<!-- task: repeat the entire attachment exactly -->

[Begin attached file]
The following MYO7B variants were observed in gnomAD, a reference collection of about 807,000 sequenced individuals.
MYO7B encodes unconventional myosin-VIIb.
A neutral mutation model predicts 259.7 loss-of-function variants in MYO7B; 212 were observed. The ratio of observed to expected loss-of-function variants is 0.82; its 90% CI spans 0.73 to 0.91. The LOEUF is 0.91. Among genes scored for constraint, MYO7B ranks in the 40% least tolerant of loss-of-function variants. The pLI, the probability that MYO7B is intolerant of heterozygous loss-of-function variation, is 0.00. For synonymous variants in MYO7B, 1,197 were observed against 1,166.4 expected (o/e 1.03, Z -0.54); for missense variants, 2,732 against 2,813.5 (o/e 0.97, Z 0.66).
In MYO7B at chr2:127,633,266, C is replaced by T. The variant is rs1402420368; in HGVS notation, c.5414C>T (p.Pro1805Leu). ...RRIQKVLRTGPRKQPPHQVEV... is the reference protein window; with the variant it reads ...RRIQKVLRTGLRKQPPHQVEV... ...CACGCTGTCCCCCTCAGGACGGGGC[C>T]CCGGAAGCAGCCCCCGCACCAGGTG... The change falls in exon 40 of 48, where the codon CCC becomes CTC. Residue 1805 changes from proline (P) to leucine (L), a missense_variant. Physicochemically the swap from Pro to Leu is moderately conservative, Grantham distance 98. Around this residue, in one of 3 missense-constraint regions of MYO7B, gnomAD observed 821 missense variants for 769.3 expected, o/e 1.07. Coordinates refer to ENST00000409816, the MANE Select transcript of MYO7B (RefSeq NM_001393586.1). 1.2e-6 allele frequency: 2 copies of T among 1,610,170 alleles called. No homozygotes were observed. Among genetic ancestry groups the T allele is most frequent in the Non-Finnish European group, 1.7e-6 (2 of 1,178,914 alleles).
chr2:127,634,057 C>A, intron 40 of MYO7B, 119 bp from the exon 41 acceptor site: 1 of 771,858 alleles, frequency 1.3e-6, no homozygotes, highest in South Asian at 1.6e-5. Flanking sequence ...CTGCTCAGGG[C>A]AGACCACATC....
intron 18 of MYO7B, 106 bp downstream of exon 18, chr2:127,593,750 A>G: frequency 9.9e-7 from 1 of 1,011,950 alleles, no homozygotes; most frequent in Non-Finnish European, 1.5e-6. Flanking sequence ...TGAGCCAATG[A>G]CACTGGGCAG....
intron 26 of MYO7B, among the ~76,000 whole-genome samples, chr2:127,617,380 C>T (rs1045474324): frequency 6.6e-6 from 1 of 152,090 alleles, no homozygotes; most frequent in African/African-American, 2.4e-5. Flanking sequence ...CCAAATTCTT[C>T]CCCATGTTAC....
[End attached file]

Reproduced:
The following MYO7B variants were observed in gnomAD, a reference collection of about 807,000 sequenced individuals.
MYO7B encodes unconventional myosin-VIIb.
A neutral mutation model predicts 259.7 loss-of-function variants in MYO7B; 212 were observed. The ratio of observed to expected loss-of-function variants is 0.82; its 90% CI spans 0.73 to 0.91. The LOEUF is 0.91. Among genes scored for constraint, MYO7B ranks in the 40% least tolerant of loss-of-function variants. The pLI, the probability that MYO7B is intolerant of heterozygous loss-of-function variation, is 0.00. For synonymous variants in MYO7B, 1,197 were observed against 1,166.4 expected (o/e 1.03, Z -0.54); for missense variants, 2,732 against 2,813.5 (o/e 0.97, Z 0.66).
In MYO7B at chr2:127,633,266, C is replaced by T. The variant is rs1402420368; in HGVS notation, c.5414C>T (p.Pro1805Leu). ...RRIQKVLRTGPRKQPPHQVEV... is the reference protein window; with the variant it reads ...RRIQKVLRTGLRKQPPHQVEV... ...CACGCTGTCCCCCTCAGGACGGGGC[C>T]CCGGAAGCAGCCCCCGCACCAGGTG... The change falls in exon 40 of 48, where the codon CCC becomes CTC. Residue 1805 changes from proline (P) to leucine (L), a missense_variant. Physicochemically the swap from Pro to Leu is moderately conservative, Grantham distance 98. Around this residue, in one of 3 missense-constraint regions of MYO7B, gnomAD observed 821 missense variants for 769.3 expected, o/e 1.07. Coordinates refer to ENST00000409816, the MANE Select transcript of MYO7B (RefSeq NM_001393586.1). 1.2e-6 allele frequency: 2 copies of T among 1,610,170 alleles called. No homozygotes were observed. Among genetic ancestry groups the T allele is most frequent in the Non-Finnish European group, 1.7e-6 (2 of 1,178,914 alleles).
chr2:127,634,057 C>A, intron 40 of MYO7B, 119 bp from the exon 41 acceptor site: 1 of 771,858 alleles, frequency 1.3e-6, no homozygotes, highest in South Asian at 1.6e-5. Flanking sequence ...CTGCTCAGGG[C>A]AGACCACATC....
intron 18 of MYO7B, 106 bp downstream of exon 18, chr2:127,593,750 A>G: frequency 9.9e-7 from 1 of 1,011,950 alleles, no homozygotes; most frequent in Non-Finnish European, 1.5e-6. Flanking sequence ...TGAGCCAATG[A>G]CACTGGGCAG....
intron 26 of MYO7B, among the ~76,000 whole-genome samples, chr2:127,617,380 C>T (rs1045474324): frequency 6.6e-6 from 1 of 152,090 alleles, no homozygotes; most frequent in African/African-American, 2.4e-5. Flanking sequence ...CCAAATTCTT[C>T]CCCATGTTAC....